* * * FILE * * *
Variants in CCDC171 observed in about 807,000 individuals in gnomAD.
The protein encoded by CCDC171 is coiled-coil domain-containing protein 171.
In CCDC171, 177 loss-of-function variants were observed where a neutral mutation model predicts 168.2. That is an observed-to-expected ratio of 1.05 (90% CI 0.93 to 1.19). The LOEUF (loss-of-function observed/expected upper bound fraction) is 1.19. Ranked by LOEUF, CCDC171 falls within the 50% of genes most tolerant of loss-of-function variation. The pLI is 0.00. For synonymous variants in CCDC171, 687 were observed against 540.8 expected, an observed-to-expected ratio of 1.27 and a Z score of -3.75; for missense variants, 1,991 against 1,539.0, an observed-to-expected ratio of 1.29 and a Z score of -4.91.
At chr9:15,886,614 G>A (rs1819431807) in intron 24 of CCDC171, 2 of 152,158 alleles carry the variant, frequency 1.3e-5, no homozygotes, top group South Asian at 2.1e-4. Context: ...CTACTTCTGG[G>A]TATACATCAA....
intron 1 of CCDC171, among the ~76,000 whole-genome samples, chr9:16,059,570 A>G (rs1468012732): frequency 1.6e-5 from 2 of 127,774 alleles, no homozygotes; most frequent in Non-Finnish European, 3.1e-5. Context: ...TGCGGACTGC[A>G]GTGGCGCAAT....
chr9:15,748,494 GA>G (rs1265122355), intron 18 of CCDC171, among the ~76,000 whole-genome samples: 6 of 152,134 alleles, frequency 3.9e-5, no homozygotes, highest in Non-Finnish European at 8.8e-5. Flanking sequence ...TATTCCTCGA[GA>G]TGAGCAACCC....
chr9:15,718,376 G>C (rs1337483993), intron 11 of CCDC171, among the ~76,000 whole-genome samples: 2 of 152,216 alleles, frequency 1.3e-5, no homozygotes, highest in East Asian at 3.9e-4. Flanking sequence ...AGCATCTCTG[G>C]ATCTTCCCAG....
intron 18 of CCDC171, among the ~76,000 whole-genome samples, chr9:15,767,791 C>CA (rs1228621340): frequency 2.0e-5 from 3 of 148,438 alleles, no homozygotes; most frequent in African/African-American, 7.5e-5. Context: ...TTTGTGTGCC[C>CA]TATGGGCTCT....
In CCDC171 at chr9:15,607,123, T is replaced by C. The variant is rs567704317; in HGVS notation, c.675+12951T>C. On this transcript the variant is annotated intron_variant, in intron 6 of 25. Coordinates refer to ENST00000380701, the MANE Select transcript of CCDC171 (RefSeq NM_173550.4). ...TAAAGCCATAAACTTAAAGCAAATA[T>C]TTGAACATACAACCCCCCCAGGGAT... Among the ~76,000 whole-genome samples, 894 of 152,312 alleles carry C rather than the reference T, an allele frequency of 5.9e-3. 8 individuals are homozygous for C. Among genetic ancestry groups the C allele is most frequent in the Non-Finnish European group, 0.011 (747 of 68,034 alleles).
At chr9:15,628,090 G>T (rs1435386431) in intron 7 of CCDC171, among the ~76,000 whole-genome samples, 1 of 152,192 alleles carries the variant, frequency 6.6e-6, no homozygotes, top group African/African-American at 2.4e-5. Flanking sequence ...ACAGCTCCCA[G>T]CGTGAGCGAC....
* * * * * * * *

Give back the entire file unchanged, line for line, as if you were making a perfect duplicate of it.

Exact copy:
Variants in CCDC171 observed in about 807,000 individuals in gnomAD.
The protein encoded by CCDC171 is coiled-coil domain-containing protein 171.
In CCDC171, 177 loss-of-function variants were observed where a neutral mutation model predicts 168.2. That is an observed-to-expected ratio of 1.05 (90% CI 0.93 to 1.19). The LOEUF (loss-of-function observed/expected upper bound fraction) is 1.19. Ranked by LOEUF, CCDC171 falls within the 50% of genes most tolerant of loss-of-function variation. The pLI is 0.00. For synonymous variants in CCDC171, 687 were observed against 540.8 expected, an observed-to-expected ratio of 1.27 and a Z score of -3.75; for missense variants, 1,991 against 1,539.0, an observed-to-expected ratio of 1.29 and a Z score of -4.91.
At chr9:15,886,614 G>A (rs1819431807) in intron 24 of CCDC171, 2 of 152,158 alleles carry the variant, frequency 1.3e-5, no homozygotes, top group South Asian at 2.1e-4. Context: ...CTACTTCTGG[G>A]TATACATCAA....
intron 1 of CCDC171, among the ~76,000 whole-genome samples, chr9:16,059,570 A>G (rs1468012732): frequency 1.6e-5 from 2 of 127,774 alleles, no homozygotes; most frequent in Non-Finnish European, 3.1e-5. Context: ...TGCGGACTGC[A>G]GTGGCGCAAT....
chr9:15,748,494 GA>G (rs1265122355), intron 18 of CCDC171, among the ~76,000 whole-genome samples: 6 of 152,134 alleles, frequency 3.9e-5, no homozygotes, highest in Non-Finnish European at 8.8e-5. Flanking sequence ...TATTCCTCGA[GA>G]TGAGCAACCC....
chr9:15,718,376 G>C (rs1337483993), intron 11 of CCDC171, among the ~76,000 whole-genome samples: 2 of 152,216 alleles, frequency 1.3e-5, no homozygotes, highest in East Asian at 3.9e-4. Flanking sequence ...AGCATCTCTG[G>C]ATCTTCCCAG....
intron 18 of CCDC171, among the ~76,000 whole-genome samples, chr9:15,767,791 C>CA (rs1228621340): frequency 2.0e-5 from 3 of 148,438 alleles, no homozygotes; most frequent in African/African-American, 7.5e-5. Context: ...TTTGTGTGCC[C>CA]TATGGGCTCT....
In CCDC171 at chr9:15,607,123, T is replaced by C. The variant is rs567704317; in HGVS notation, c.675+12951T>C. On this transcript the variant is annotated intron_variant, in intron 6 of 25. Coordinates refer to ENST00000380701, the MANE Select transcript of CCDC171 (RefSeq NM_173550.4). ...TAAAGCCATAAACTTAAAGCAAATA[T>C]TTGAACATACAACCCCCCCAGGGAT... Among the ~76,000 whole-genome samples, 894 of 152,312 alleles carry C rather than the reference T, an allele frequency of 5.9e-3. 8 individuals are homozygous for C. Among genetic ancestry groups the C allele is most frequent in the Non-Finnish European group, 0.011 (747 of 68,034 alleles).
At chr9:15,628,090 G>T (rs1435386431) in intron 7 of CCDC171, among the ~76,000 whole-genome samples, 1 of 152,192 alleles carries the variant, frequency 6.6e-6, no homozygotes, top group African/African-American at 2.4e-5. Flanking sequence ...ACAGCTCCCA[G>T]CGTGAGCGAC....